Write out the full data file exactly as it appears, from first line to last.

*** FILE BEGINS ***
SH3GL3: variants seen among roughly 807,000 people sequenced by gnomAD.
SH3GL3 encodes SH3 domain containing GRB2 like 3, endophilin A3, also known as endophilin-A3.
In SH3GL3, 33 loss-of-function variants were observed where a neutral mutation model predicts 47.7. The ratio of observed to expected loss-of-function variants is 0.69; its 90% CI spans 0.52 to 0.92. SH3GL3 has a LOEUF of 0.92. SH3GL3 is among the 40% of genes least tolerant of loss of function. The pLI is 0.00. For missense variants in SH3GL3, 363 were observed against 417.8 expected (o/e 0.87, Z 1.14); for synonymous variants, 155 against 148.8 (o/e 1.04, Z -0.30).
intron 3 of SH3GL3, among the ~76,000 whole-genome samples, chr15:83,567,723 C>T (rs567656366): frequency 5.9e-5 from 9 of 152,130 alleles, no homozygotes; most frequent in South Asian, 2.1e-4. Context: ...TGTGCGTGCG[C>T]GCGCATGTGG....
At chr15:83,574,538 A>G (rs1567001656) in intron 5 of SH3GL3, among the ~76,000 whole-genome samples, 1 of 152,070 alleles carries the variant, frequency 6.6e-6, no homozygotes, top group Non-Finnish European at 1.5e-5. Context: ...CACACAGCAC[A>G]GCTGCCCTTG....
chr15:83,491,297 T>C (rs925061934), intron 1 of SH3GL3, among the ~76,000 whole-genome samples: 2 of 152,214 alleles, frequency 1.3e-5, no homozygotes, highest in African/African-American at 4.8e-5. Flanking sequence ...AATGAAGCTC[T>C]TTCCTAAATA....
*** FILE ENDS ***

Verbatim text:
SH3GL3: variants seen among roughly 807,000 people sequenced by gnomAD.
SH3GL3 encodes SH3 domain containing GRB2 like 3, endophilin A3, also known as endophilin-A3.
In SH3GL3, 33 loss-of-function variants were observed where a neutral mutation model predicts 47.7. The ratio of observed to expected loss-of-function variants is 0.69; its 90% CI spans 0.52 to 0.92. SH3GL3 has a LOEUF of 0.92. SH3GL3 is among the 40% of genes least tolerant of loss of function. The pLI is 0.00. For missense variants in SH3GL3, 363 were observed against 417.8 expected (o/e 0.87, Z 1.14); for synonymous variants, 155 against 148.8 (o/e 1.04, Z -0.30).
intron 3 of SH3GL3, among the ~76,000 whole-genome samples, chr15:83,567,723 C>T (rs567656366): frequency 5.9e-5 from 9 of 152,130 alleles, no homozygotes; most frequent in South Asian, 2.1e-4. Context: ...TGTGCGTGCG[C>T]GCGCATGTGG....
At chr15:83,574,538 A>G (rs1567001656) in intron 5 of SH3GL3, among the ~76,000 whole-genome samples, 1 of 152,070 alleles carries the variant, frequency 6.6e-6, no homozygotes, top group Non-Finnish European at 1.5e-5. Context: ...CACACAGCAC[A>G]GCTGCCCTTG....
chr15:83,491,297 T>C (rs925061934), intron 1 of SH3GL3, among the ~76,000 whole-genome samples: 2 of 152,214 alleles, frequency 1.3e-5, no homozygotes, highest in African/African-American at 4.8e-5. Flanking sequence ...AATGAAGCTC[T>C]TTCCTAAATA....